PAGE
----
Eight people have been killed in the massive blizzard in the United States bringing more than 2ft (60cm) of snow.
Six states have declared states of emergency, and thousands of flights have been cancelled.
More than 50 million people across more than a dozen states have been warned to stay at home as it moves north.
The nation's capital, Washington, could lie under a record 30in (76cm) of snow by the time the storm passes on Sunday.
The weather system affects a huge swathe of the country, from Arkansas in the south to Massachusetts in the north-east.
Supermarkets ran out of food amid a rush for supplies before the first snowflakes fell on Friday.
In summary:More than 7,000 flights have been cancelled for Friday and Saturday More than 100,000 homes lost power in North Carolina The US federal government closed down at noon on Friday President Barack Obama is to remain at the White House, officials said Eight people have been killed in car crashes in Tennessee, North Carolina, Kentucky and elsewhere States of emergency have been declared in Tennessee, North Carolina, Virginia, Maryland, Pennsylvania, the District of Columbia, and parts of other states Washington's transport system - the second busiest in the US - will close all weekend Many events, including two sold-out concerts by singer Garth Brooks in Baltimore, have been postponed
Washington's mayor, Muriel Bowser, said this was a major storm with "life and death implications".
The National Weather Service (NWS) warned that the worst of the snow would fall in the Washington area from the early hours of Saturday to the early afternoon, with winds of more than 50mph (80kph).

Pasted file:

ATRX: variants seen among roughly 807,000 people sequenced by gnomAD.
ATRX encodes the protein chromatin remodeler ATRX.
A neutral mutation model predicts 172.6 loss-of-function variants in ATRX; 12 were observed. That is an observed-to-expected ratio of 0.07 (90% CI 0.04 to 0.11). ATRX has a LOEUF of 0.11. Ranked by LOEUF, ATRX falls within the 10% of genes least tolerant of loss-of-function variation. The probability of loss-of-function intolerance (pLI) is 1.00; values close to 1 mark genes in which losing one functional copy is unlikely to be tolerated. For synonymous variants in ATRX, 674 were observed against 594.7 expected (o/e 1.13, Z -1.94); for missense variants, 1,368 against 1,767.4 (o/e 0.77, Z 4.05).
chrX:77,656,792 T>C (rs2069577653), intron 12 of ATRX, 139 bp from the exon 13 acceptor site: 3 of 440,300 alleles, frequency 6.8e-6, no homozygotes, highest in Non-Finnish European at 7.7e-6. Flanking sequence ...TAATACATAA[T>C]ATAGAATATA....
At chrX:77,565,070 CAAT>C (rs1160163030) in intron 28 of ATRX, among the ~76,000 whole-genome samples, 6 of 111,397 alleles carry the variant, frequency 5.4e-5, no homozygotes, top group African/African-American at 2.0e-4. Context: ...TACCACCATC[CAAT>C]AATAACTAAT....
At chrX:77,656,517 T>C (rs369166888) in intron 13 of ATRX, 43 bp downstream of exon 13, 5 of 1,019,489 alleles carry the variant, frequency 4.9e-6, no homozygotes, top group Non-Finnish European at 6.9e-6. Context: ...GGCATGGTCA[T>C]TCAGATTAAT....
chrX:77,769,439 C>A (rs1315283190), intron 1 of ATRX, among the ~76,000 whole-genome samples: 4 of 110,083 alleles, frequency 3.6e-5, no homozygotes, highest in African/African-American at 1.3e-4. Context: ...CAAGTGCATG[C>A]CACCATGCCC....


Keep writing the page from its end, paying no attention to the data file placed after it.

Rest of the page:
In a warning at 02:17 (07:17 GMT), NWS tweeted that an "intense snow band" was moving through the area.
A webcam of Washington's National Mall showed the "near-whiteout conditions" the NWS warned of.
Residents in the capital and surrounding suburbs in Virginia and Maryland have been warned the snowfall could eclipse the district's record of 28in that fell during a two-day period in 1922.
As the weather system approached the country's most populous city, New York Mayor Bill de Blasio urged residents to be ready.
New Jersey Governor Chris Christie, a Republican presidential candidate, returned from the campaign trail in New Hampshire to take charge of snow preparation.
The US capital feels like a city in hiding. Residents have been told to find a safe place and stay there until the storm has passed. The streets are empty and restaurants, bars and supermarkets remain closed.
Public transport is at a standstill and over 6,000 flights have been delayed or cancelled. Officials warned anyone trying to travel in the blizzard risks getting stuck for hours, marooned or killed.
Catholics in Washington, Baltimore, and Delaware were told by archdiocese officials that missing Mass this Sunday was excusable given the terrible conditions.
Supermarket shelves in many areas were laid bare. In Baltimore, shopper Sharon Brewington remembered how she and her daughter were left with just noodles and water when the last big snowstorm struck in 2010.
"I'm not going to make that mistake again," she said.
NWS director Louis Uccellini said the system had "the potential of being an extremely dangerous storm that could affect over 50 million people".